Seamus O'Shaughnessy had never had much of any use for that pompous ass, the Bishop of Armagh. It didn’t matter that the British-Roman interloper had died more than fifteen-hundred years ago. It only mattered that he, Seamus O’Shaughnessy, was still here and nobody seemed to notice!
For instance, how many people even remembered that St. Patrick’s Day was a saint’s feast day? Few, if any. They thought it was a day for running around saying fake Irish stuff, eating corned beef and cabbage, washing it down with copious amounts of beer, and playing pranks on everyone. Show them a picture of St. Patrick and they will give you a blank look. Show them a picture of himself in full leprechaun regalia and they all yelled, “Sláinte!”
So here he was in Talbot’s Peak, a lovely mountain town, far from his homeland in miles but cut from the same cloth in spirit. And there, before his eye, were a pair of good Irish lads planning out some shenanigans to celebrate this not-so-saintly feast day! They looked like they could use a little help.
“Are you sure this was how Mayor Gill did it?” the larger blond boy was saying to his smaller, dark haired companion.
“No, butt-breath,” the other sighed in frustration. “If this was how Gil did it, it would have worked by now.”
“Mayhap, I could be o’some help?” Seamus said as he slipped out from under a holly bush. The lads didn’t jump, though he knew he’d startled them both. They turned on him in a flash, their human teeth elongating into pointed wolf fangs. Well, puppy fangs, anyway. They weren’t yet big enough to have full wolf fangs yet. Seamus didn’t flinch, though. It may have been a long time since wolves had the run or Ireland, but he did remember them. Never show a wolf fear if you could help it.
Once they had ascertained that it was no adult looking over their shoulders, the boys relaxed a bit. The blond one started sniffing curiously while the dark lad glared at him suspiciously. Seamus ignored the lads for a moment and studied the things laid out in the snow behind them. They had a couple of snow-caked scarves, a large collection of pre-made snowballs, a couple of walkie-talkies with hands-free ear pieces, and a bedraggled notebook opened up to a page that looked to be covered in childish handwriting, though Seamus could not decipher the penmanship a’tall.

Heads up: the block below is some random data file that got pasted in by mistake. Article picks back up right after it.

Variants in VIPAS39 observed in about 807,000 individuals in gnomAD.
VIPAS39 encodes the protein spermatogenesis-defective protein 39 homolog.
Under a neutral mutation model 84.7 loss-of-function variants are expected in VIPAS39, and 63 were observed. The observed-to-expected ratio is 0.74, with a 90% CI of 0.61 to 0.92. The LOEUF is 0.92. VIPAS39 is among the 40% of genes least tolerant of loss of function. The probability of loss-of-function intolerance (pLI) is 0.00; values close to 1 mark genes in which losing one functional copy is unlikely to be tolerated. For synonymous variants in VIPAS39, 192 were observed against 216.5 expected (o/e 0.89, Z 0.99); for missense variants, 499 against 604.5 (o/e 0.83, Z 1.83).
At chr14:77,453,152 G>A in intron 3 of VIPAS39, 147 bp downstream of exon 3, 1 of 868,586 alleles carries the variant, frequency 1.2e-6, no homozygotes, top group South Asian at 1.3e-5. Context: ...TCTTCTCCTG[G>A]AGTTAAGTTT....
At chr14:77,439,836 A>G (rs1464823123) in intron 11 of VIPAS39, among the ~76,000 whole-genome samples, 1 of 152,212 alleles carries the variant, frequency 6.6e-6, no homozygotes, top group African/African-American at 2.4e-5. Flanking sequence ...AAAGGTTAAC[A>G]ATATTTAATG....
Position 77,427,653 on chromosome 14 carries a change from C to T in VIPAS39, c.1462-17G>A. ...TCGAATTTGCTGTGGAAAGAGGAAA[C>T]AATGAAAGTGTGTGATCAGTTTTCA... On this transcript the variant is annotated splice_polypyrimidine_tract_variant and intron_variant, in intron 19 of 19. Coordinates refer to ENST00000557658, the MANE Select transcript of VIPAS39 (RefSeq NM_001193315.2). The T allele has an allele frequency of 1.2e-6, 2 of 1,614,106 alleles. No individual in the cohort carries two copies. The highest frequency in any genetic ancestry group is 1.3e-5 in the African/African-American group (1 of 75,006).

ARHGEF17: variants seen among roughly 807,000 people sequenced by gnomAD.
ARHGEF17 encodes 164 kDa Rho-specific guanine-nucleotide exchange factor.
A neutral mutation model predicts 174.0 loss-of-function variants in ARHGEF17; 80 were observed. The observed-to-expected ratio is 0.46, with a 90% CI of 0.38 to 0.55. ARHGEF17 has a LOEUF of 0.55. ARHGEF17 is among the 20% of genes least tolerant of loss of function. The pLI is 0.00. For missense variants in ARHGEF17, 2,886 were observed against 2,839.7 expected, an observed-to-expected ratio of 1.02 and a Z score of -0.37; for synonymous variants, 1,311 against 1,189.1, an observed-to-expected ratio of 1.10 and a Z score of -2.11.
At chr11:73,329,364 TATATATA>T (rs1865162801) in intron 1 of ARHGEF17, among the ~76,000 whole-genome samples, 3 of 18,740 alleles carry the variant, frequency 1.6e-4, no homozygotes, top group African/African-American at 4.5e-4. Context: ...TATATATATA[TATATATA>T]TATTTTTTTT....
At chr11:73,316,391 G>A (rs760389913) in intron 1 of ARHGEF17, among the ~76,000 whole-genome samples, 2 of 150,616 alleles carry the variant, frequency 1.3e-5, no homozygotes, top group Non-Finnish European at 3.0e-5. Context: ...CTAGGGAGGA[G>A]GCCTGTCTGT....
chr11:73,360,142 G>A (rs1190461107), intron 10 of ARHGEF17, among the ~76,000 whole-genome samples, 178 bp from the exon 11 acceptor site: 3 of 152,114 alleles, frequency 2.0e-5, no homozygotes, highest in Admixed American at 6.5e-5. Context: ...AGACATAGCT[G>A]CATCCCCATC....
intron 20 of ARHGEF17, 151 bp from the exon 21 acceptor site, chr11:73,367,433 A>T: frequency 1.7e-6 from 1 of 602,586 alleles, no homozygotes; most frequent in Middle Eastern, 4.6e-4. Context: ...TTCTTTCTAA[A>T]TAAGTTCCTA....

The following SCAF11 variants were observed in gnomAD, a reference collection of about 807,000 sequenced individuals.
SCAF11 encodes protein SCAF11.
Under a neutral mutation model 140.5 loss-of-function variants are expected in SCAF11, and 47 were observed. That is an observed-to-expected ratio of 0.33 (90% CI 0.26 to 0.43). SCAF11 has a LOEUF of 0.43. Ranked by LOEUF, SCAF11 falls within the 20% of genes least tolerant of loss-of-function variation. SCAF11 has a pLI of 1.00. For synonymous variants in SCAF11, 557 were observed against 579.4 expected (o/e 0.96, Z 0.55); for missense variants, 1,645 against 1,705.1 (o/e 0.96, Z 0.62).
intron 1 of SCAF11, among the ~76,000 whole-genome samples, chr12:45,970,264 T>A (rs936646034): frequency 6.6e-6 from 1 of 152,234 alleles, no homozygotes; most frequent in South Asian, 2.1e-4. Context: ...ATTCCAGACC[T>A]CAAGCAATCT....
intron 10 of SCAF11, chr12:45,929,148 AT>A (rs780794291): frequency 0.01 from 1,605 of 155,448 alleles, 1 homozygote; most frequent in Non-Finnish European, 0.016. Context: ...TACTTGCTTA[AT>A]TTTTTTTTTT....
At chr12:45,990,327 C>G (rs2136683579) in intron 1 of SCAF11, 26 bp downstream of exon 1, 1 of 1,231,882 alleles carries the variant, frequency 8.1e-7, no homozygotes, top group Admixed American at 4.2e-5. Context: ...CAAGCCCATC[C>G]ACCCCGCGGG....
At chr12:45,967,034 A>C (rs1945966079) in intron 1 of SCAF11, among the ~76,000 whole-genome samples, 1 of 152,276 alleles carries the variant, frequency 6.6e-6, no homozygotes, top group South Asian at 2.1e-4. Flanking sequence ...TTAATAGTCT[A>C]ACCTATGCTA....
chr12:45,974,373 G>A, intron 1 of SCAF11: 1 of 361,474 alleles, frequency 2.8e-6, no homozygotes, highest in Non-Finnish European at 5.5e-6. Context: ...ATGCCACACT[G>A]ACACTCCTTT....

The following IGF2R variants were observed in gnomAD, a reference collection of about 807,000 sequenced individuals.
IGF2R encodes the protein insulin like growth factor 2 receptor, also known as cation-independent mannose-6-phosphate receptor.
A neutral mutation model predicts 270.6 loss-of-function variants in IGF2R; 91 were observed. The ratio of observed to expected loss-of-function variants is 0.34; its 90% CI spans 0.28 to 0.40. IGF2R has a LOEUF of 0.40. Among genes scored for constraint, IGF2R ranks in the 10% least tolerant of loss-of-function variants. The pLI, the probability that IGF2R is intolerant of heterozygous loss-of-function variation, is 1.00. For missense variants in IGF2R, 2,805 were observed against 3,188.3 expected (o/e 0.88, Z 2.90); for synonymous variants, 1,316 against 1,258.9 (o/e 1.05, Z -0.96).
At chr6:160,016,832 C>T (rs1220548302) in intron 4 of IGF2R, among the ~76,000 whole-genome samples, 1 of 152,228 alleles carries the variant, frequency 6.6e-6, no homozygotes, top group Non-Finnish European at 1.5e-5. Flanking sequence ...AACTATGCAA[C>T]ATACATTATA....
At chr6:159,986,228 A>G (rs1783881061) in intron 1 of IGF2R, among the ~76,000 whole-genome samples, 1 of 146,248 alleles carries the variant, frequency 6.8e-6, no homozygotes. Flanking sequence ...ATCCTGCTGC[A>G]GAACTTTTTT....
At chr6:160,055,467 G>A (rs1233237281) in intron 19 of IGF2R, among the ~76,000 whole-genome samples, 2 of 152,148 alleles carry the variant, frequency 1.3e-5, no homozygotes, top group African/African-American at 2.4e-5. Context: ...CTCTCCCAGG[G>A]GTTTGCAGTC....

“I might be wrong, but neck clothes tend to be more effective when they are wrapped around yer necks and not covered in snow,” Seamus said with an amused chuckle. “Unless, o’course, t’ain’t yer necks you plan to keep warm. But why would ye be wantin’ te warm up a snowball?”
“We ain’t trying to warm the snowballs,” the blond lad said. “We’re trying to fling them around like on slingshots, but they keep breaking! Ouch!” he said in response to the dark lad’s elbow, which had just nailed in in the arm firmly. Seamus cackled gleefully. Oh, yes, these lads were in need o’help to get their shenanigans rollin’, that was for sure.
“What if’n I gave you a little help with it,” he asked slyly.
“What kind of help?" the dark lad asked, suspicious but still interested.
“This kind of help,” Seamus said as he shook a pair of lovely knitted wool scarves from his coat sleeves. One was a deep emerald green wool with gold tassels and the other was gold with emerald green tassels.
“We have scarves,” the blond lad said as he eyed the offerings distainfully. The other lad, though, had a look of cunning in his twinkling blue eyes. That one eyed the scarves and then eyed Seamus himself, missing nothing. A slow grin tried to peek out from behind a perpetual scowl, but the lad clamped it down sharply.